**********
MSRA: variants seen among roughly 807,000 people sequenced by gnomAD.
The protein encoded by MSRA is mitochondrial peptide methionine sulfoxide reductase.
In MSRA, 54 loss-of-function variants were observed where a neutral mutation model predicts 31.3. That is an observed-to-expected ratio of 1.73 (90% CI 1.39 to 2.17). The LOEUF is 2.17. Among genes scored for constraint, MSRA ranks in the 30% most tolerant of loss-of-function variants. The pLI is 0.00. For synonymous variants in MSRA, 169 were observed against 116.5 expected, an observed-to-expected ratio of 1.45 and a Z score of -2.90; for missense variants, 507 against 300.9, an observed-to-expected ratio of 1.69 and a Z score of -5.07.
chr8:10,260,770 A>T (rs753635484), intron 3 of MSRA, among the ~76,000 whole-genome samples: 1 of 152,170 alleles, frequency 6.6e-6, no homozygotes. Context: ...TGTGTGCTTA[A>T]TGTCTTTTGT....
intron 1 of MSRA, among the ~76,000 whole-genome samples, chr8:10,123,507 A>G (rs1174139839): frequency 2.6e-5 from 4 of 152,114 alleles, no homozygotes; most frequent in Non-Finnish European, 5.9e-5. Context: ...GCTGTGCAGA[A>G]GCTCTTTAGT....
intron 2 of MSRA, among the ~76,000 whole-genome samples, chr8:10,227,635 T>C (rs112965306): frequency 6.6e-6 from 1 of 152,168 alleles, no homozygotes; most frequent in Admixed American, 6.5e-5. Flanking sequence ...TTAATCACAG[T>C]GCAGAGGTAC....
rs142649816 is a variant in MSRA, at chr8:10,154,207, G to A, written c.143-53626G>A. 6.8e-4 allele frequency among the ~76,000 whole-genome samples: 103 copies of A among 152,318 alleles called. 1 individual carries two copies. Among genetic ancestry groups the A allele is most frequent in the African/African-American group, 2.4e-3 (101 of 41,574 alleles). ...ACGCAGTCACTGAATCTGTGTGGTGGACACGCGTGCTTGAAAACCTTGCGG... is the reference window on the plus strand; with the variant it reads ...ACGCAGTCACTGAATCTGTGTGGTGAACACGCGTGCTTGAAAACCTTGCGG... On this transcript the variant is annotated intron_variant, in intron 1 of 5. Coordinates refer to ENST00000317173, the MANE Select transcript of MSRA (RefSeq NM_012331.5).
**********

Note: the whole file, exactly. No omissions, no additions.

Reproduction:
MSRA: variants seen among roughly 807,000 people sequenced by gnomAD.
The protein encoded by MSRA is mitochondrial peptide methionine sulfoxide reductase.
In MSRA, 54 loss-of-function variants were observed where a neutral mutation model predicts 31.3. That is an observed-to-expected ratio of 1.73 (90% CI 1.39 to 2.17). The LOEUF is 2.17. Among genes scored for constraint, MSRA ranks in the 30% most tolerant of loss-of-function variants. The pLI is 0.00. For synonymous variants in MSRA, 169 were observed against 116.5 expected, an observed-to-expected ratio of 1.45 and a Z score of -2.90; for missense variants, 507 against 300.9, an observed-to-expected ratio of 1.69 and a Z score of -5.07.
chr8:10,260,770 A>T (rs753635484), intron 3 of MSRA, among the ~76,000 whole-genome samples: 1 of 152,170 alleles, frequency 6.6e-6, no homozygotes. Context: ...TGTGTGCTTA[A>T]TGTCTTTTGT....
intron 1 of MSRA, among the ~76,000 whole-genome samples, chr8:10,123,507 A>G (rs1174139839): frequency 2.6e-5 from 4 of 152,114 alleles, no homozygotes; most frequent in Non-Finnish European, 5.9e-5. Context: ...GCTGTGCAGA[A>G]GCTCTTTAGT....
intron 2 of MSRA, among the ~76,000 whole-genome samples, chr8:10,227,635 T>C (rs112965306): frequency 6.6e-6 from 1 of 152,168 alleles, no homozygotes; most frequent in Admixed American, 6.5e-5. Flanking sequence ...TTAATCACAG[T>C]GCAGAGGTAC....
rs142649816 is a variant in MSRA, at chr8:10,154,207, G to A, written c.143-53626G>A. 6.8e-4 allele frequency among the ~76,000 whole-genome samples: 103 copies of A among 152,318 alleles called. 1 individual carries two copies. Among genetic ancestry groups the A allele is most frequent in the African/African-American group, 2.4e-3 (101 of 41,574 alleles). ...ACGCAGTCACTGAATCTGTGTGGTGGACACGCGTGCTTGAAAACCTTGCGG... is the reference window on the plus strand; with the variant it reads ...ACGCAGTCACTGAATCTGTGTGGTGAACACGCGTGCTTGAAAACCTTGCGG... On this transcript the variant is annotated intron_variant, in intron 1 of 5. Coordinates refer to ENST00000317173, the MANE Select transcript of MSRA (RefSeq NM_012331.5).